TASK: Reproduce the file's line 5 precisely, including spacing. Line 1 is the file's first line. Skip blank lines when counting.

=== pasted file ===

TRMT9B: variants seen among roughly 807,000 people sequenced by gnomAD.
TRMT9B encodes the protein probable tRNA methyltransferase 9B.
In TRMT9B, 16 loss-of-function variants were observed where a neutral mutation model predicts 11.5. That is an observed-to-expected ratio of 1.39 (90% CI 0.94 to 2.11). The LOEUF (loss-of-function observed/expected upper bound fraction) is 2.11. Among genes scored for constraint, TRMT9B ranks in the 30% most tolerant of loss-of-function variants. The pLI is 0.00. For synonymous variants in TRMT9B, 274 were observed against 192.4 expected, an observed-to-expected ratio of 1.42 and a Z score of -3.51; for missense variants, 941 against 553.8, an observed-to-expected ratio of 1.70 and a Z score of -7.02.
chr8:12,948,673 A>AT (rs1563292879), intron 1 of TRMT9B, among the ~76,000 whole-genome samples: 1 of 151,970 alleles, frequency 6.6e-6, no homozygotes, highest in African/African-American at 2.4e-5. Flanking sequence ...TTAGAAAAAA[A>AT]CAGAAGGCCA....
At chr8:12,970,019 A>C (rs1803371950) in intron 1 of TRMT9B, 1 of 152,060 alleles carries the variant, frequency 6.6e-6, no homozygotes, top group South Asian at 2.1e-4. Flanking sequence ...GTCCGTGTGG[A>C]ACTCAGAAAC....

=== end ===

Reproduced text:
At chr8:12,970,019 A>C (rs1803371950) in intron 1 of TRMT9B, 1 of 152,060 alleles carries the variant, frequency 6.6e-6, no homozygotes, top group South Asian at 2.1e-4. Flanking sequence ...GTCCGTGTGG[A>C]ACTCAGAAAC....